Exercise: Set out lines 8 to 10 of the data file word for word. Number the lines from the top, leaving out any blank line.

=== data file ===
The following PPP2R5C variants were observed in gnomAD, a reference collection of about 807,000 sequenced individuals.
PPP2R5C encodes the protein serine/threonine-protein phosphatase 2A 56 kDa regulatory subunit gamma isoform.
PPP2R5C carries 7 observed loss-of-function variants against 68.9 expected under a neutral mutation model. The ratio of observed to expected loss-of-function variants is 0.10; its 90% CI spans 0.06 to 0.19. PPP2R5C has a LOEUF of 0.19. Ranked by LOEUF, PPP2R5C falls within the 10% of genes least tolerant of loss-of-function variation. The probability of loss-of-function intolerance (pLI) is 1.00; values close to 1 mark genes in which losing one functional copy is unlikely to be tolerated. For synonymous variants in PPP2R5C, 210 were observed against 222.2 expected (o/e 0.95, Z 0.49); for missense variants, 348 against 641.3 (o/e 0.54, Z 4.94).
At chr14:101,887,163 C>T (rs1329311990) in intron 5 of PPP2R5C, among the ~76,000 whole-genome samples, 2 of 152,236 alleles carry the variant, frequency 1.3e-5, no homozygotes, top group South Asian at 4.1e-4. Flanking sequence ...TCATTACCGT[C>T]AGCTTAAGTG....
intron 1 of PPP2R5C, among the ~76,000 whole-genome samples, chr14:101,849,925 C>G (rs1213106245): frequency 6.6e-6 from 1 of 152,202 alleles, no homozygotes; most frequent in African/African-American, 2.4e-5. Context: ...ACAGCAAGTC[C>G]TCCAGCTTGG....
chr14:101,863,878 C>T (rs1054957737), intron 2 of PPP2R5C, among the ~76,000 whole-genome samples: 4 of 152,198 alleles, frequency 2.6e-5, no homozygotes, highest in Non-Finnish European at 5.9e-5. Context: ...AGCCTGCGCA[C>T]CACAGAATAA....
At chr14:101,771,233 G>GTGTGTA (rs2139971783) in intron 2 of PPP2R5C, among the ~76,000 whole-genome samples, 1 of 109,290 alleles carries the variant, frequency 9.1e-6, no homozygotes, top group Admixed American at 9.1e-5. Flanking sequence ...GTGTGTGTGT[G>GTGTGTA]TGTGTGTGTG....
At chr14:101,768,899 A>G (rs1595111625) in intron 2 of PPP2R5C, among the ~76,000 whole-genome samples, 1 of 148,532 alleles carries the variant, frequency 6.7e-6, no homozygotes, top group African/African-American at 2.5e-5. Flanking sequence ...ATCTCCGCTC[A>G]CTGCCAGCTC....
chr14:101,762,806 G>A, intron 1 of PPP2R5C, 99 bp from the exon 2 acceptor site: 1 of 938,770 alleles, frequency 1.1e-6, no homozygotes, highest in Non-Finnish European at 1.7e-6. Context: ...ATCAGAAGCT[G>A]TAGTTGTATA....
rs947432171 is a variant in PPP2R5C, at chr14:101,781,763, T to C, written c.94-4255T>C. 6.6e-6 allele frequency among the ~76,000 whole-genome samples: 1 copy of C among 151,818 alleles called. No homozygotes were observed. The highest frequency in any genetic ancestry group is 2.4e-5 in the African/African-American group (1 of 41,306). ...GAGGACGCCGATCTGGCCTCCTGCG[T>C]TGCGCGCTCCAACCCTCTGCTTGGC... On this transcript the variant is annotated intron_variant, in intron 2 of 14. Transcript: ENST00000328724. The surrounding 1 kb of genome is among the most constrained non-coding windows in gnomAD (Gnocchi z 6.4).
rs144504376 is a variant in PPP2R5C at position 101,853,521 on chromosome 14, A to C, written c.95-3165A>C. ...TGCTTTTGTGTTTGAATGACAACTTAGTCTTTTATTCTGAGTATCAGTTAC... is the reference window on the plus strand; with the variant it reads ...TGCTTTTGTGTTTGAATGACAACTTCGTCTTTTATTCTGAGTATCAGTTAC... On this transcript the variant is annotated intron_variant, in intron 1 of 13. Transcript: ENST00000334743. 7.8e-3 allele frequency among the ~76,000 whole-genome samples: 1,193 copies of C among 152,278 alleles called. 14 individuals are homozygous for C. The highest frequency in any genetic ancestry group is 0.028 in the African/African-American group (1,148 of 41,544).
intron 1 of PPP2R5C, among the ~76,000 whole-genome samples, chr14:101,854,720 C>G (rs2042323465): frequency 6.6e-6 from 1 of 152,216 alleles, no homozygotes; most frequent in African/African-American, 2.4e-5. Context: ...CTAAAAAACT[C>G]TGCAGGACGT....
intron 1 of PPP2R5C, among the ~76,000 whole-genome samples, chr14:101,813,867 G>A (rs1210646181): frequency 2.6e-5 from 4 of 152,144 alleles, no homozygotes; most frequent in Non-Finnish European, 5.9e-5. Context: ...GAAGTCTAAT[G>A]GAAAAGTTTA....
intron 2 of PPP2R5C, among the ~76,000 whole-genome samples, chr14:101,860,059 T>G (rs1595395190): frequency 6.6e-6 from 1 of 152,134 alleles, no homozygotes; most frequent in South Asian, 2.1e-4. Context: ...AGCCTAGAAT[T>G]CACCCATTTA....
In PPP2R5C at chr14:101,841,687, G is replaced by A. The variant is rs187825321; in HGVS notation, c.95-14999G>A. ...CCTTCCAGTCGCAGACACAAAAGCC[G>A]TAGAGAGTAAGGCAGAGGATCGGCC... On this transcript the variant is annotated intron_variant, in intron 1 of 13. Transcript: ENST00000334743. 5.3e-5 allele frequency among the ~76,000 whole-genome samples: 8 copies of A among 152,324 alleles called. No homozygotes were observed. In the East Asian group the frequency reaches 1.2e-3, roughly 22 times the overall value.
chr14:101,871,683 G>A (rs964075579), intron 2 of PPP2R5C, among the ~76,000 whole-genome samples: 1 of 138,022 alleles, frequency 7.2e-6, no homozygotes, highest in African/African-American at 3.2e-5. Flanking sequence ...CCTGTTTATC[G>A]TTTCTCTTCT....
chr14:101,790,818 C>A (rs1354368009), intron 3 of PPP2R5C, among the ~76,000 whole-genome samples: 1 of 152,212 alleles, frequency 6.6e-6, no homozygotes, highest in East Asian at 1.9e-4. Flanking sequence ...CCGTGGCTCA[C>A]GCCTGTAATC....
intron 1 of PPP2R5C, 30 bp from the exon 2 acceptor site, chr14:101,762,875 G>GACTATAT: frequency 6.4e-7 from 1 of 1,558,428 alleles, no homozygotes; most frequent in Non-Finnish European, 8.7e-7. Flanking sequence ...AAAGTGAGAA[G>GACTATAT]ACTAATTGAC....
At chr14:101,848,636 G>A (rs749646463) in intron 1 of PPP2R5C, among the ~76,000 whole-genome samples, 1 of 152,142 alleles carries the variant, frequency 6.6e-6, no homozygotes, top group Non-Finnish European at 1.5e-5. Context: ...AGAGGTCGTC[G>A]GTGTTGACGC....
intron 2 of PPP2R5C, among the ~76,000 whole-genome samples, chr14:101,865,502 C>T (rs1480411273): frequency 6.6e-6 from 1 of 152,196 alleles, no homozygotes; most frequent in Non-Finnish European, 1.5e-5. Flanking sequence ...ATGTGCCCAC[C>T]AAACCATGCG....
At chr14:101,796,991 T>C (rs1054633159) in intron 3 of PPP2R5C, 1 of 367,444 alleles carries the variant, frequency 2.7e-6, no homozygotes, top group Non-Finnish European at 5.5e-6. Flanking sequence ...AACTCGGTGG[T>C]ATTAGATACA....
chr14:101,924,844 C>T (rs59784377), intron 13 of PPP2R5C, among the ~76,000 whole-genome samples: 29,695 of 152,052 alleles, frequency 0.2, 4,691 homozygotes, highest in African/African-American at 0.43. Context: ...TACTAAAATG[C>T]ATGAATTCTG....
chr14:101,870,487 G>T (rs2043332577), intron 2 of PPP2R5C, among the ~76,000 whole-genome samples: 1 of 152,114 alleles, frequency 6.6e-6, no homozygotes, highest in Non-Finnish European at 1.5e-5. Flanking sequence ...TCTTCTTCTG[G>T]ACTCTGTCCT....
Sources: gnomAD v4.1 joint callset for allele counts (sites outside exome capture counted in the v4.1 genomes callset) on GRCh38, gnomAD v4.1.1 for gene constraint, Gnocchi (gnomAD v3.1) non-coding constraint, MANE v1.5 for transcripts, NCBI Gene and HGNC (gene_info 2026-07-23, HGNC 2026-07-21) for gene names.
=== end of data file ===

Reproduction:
At chr14:101,768,899 A>G (rs1595111625) in intron 2 of PPP2R5C, among the ~76,000 whole-genome samples, 1 of 148,532 alleles carries the variant, frequency 6.7e-6, no homozygotes, top group African/African-American at 2.5e-5. Flanking sequence ...ATCTCCGCTC[A>G]CTGCCAGCTC....
chr14:101,762,806 G>A, intron 1 of PPP2R5C, 99 bp from the exon 2 acceptor site: 1 of 938,770 alleles, frequency 1.1e-6, no homozygotes, highest in Non-Finnish European at 1.7e-6. Context: ...ATCAGAAGCT[G>A]TAGTTGTATA....
rs947432171 is a variant in PPP2R5C, at chr14:101,781,763, T to C, written c.94-4255T>C. 6.6e-6 allele frequency among the ~76,000 whole-genome samples: 1 copy of C among 151,818 alleles called. No homozygotes were observed. The highest frequency in any genetic ancestry group is 2.4e-5 in the African/African-American group (1 of 41,306). ...GAGGACGCCGATCTGGCCTCCTGCG[T>C]TGCGCGCTCCAACCCTCTGCTTGGC... On this transcript the variant is annotated intron_variant, in intron 2 of 14. Transcript: ENST00000328724. The surrounding 1 kb of genome is among the most constrained non-coding windows in gnomAD (Gnocchi z 6.4).